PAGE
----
And you can see we have a sample here and delete that as well.

And do note that with the deletion of this hello world component from the static file, when you do open this up to develop against it will appear quite empty.

All right, the last thing we want to do is head over into UI content and this contains any of the content definitions that are part of this project. So if we go into source main content going to JCR, which represents the JCR root, go to content, go to our site, click into USEN, and click on the .content .XML folder. Here, we have the XML definition for our CQ page that represents our homepage. And similar to the static index at HTML, if we scroll down, we’ll see an example of the hello world component embedded in here. And since we’ve deleted this component from our project, it won’t, it will no longer render. So, let’s just go ahead and remove this as well. All right. So that should about do it. We’ve cleaned up all of our samples and example code that we wouldn’t want deploy to a production instance.

Before we go, I do want to call out these two projects here. IT tests as well as UI tests. So if we click into these, we can actually see that the, that the Maven archetype has generated some sample tests for us. And secondly, these tests actually ensure and validate that custom code that you may have added to your project and deployed AEM aren’t breaking out of the box AAM functionality. So it does a nice to keep these in your project to help avoid accidents.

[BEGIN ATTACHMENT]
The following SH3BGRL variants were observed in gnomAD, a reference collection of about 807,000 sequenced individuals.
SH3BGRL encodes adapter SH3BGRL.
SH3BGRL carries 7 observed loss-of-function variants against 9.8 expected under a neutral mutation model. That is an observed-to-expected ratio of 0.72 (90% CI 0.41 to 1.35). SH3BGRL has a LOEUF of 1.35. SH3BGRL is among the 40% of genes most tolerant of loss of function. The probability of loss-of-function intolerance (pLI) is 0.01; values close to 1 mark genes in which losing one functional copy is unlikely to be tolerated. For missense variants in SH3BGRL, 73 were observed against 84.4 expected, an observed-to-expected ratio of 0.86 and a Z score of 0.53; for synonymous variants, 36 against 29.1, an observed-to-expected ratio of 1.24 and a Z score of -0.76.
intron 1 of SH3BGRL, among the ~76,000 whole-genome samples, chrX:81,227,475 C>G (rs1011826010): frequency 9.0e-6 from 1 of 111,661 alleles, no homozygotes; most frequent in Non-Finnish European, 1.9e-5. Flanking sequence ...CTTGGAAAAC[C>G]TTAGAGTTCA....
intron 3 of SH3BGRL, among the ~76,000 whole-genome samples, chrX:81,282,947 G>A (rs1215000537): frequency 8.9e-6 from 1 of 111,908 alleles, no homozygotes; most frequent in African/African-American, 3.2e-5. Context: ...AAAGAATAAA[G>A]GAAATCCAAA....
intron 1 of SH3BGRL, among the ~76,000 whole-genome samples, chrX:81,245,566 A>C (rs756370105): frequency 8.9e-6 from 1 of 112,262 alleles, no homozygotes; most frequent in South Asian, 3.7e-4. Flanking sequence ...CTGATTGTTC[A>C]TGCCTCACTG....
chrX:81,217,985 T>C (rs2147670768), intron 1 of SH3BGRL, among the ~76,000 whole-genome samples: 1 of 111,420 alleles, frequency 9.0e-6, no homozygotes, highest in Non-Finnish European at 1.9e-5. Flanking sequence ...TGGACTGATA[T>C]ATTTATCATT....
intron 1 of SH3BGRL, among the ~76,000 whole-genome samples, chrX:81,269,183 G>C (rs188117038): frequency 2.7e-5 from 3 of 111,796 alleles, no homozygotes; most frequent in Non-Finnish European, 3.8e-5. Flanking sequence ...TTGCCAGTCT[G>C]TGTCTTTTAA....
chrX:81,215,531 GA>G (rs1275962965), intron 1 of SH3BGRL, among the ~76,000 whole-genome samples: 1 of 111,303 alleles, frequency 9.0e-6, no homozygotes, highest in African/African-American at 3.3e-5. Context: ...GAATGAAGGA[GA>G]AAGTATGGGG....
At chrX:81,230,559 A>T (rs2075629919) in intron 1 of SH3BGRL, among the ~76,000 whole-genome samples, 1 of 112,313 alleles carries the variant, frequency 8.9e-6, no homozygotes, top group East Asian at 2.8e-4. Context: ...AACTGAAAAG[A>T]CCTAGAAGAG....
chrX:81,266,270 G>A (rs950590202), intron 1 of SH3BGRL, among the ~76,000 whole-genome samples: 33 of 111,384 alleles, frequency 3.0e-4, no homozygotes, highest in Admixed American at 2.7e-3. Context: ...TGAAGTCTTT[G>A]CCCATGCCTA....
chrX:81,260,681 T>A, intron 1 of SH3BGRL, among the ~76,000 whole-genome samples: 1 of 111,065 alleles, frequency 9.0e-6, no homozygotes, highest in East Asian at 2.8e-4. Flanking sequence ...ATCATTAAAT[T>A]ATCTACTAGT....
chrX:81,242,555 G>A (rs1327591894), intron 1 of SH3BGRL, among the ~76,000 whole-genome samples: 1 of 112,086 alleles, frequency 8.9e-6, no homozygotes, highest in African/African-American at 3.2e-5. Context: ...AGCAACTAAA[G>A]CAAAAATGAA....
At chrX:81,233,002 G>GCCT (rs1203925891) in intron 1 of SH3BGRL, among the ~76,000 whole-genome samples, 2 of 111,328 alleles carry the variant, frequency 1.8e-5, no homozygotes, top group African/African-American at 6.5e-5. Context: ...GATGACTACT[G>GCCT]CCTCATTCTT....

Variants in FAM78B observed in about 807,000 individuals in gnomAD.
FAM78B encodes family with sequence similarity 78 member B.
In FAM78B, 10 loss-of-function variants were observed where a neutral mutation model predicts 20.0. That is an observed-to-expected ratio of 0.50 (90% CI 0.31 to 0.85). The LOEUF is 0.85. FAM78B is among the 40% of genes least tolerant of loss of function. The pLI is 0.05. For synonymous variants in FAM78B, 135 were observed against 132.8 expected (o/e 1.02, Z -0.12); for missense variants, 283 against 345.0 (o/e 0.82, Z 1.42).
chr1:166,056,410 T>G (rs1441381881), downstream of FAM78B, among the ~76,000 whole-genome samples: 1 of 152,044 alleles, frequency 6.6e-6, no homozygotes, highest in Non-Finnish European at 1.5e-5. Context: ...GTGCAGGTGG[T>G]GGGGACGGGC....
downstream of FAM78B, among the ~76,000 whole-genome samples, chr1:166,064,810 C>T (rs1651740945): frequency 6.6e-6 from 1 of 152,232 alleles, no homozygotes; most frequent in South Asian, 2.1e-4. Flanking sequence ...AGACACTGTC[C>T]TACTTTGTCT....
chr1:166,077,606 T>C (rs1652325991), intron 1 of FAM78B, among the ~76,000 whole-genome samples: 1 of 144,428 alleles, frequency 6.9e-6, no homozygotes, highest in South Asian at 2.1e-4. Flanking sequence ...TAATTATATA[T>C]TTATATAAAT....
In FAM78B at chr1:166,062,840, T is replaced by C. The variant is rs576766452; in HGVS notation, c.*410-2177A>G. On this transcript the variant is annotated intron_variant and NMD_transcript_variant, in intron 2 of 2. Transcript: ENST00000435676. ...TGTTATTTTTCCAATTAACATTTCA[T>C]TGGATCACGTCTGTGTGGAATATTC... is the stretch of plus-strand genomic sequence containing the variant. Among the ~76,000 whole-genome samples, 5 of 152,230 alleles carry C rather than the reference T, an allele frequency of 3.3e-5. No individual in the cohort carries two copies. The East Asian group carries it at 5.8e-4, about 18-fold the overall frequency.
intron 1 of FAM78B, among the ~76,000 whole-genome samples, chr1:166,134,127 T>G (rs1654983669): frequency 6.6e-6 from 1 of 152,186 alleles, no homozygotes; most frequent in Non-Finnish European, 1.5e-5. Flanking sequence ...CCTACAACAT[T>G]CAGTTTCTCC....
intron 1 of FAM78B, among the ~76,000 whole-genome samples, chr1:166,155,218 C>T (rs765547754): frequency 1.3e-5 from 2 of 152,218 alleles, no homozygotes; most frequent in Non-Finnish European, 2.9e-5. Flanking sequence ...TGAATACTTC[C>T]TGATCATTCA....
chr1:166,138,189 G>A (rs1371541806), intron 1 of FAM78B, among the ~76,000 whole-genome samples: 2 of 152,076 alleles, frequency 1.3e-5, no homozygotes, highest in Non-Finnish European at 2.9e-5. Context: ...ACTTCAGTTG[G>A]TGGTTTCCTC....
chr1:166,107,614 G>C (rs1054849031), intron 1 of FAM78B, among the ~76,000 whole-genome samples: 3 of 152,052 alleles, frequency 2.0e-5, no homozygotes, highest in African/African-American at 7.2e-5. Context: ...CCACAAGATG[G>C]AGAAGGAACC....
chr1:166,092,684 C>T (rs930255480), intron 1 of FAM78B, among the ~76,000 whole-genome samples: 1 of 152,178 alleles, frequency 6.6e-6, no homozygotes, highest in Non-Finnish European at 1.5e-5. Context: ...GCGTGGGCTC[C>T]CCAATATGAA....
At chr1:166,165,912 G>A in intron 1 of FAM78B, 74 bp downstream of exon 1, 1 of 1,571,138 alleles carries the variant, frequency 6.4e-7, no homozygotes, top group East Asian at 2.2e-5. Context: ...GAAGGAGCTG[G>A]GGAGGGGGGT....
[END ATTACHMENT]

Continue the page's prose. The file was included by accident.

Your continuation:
And if we go into the UI tests under the specs, you can see that there are a handful of specs here as well, that help validate that some of the out of the box functionality isn’t broken.

So, that’s about it. Let’s just run a quick meeting clean verify, and just to make sure that our project still builds, and we don’t have any issues based on our deletions here.

All right. So looks like the build succeeded the last thing we’ll want to do, of course is make our, is commit our changes to git. And now you should be ready to go and start adding your production code to your project. -



The following commands can be executed to remove the generated sample files from the AEM Maven Project:

rm -rf core/src/main/java/com/adobe/aem/wknd/examples/core/filters \
rm -rf core/src/main/java/com/adobe/aem/wknd/examples/core/listeners \
rm -rf core/src/main/java/com/adobe/aem/wknd/examples/core/models \
rm -rf core/src/main/java/com/adobe/aem/wknd/examples/core/schedulers \
rm -rf core/src/main/java/com/adobe/aem/wknd/examples/core/servlets \
rm -rf core/src/test/java/com/adobe/aem/wknd/examples/core/* \
rm -rf ui.apps/src/main/content/jcr_root/apps/wknd-examples/components/helloworld \
rm -rf ui.frontend/src/main/webpack/components/_helloworld.js \
rm -rf ui.frontend/src/main/webpack/components/_helloworld.css


Remove the <div class="helloworld" ...></div> from:


Remove the <helloworld> component instance definition from: